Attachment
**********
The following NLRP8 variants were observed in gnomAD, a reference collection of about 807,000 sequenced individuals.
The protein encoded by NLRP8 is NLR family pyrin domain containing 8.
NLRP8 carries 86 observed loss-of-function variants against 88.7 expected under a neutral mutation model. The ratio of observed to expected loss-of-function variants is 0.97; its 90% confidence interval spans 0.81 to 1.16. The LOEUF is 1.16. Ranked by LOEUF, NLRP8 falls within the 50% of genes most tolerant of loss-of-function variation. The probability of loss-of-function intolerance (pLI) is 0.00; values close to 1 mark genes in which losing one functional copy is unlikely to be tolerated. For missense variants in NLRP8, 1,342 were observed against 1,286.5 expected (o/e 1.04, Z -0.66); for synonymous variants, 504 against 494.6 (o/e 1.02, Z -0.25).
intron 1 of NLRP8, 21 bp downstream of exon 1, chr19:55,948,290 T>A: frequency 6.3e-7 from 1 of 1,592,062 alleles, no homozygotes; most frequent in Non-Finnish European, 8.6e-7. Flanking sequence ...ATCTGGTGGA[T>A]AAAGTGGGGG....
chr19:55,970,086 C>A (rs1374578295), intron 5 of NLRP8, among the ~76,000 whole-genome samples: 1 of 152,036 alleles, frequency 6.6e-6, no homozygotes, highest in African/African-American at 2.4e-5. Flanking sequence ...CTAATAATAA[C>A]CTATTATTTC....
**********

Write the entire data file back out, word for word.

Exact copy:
The following NLRP8 variants were observed in gnomAD, a reference collection of about 807,000 sequenced individuals.
The protein encoded by NLRP8 is NLR family pyrin domain containing 8.
NLRP8 carries 86 observed loss-of-function variants against 88.7 expected under a neutral mutation model. The ratio of observed to expected loss-of-function variants is 0.97; its 90% confidence interval spans 0.81 to 1.16. The LOEUF is 1.16. Ranked by LOEUF, NLRP8 falls within the 50% of genes most tolerant of loss-of-function variation. The probability of loss-of-function intolerance (pLI) is 0.00; values close to 1 mark genes in which losing one functional copy is unlikely to be tolerated. For missense variants in NLRP8, 1,342 were observed against 1,286.5 expected (o/e 1.04, Z -0.66); for synonymous variants, 504 against 494.6 (o/e 1.02, Z -0.25).
intron 1 of NLRP8, 21 bp downstream of exon 1, chr19:55,948,290 T>A: frequency 6.3e-7 from 1 of 1,592,062 alleles, no homozygotes; most frequent in Non-Finnish European, 8.6e-7. Flanking sequence ...ATCTGGTGGA[T>A]AAAGTGGGGG....
chr19:55,970,086 C>A (rs1374578295), intron 5 of NLRP8, among the ~76,000 whole-genome samples: 1 of 152,036 alleles, frequency 6.6e-6, no homozygotes, highest in African/African-American at 2.4e-5. Flanking sequence ...CTAATAATAA[C>A]CTATTATTTC....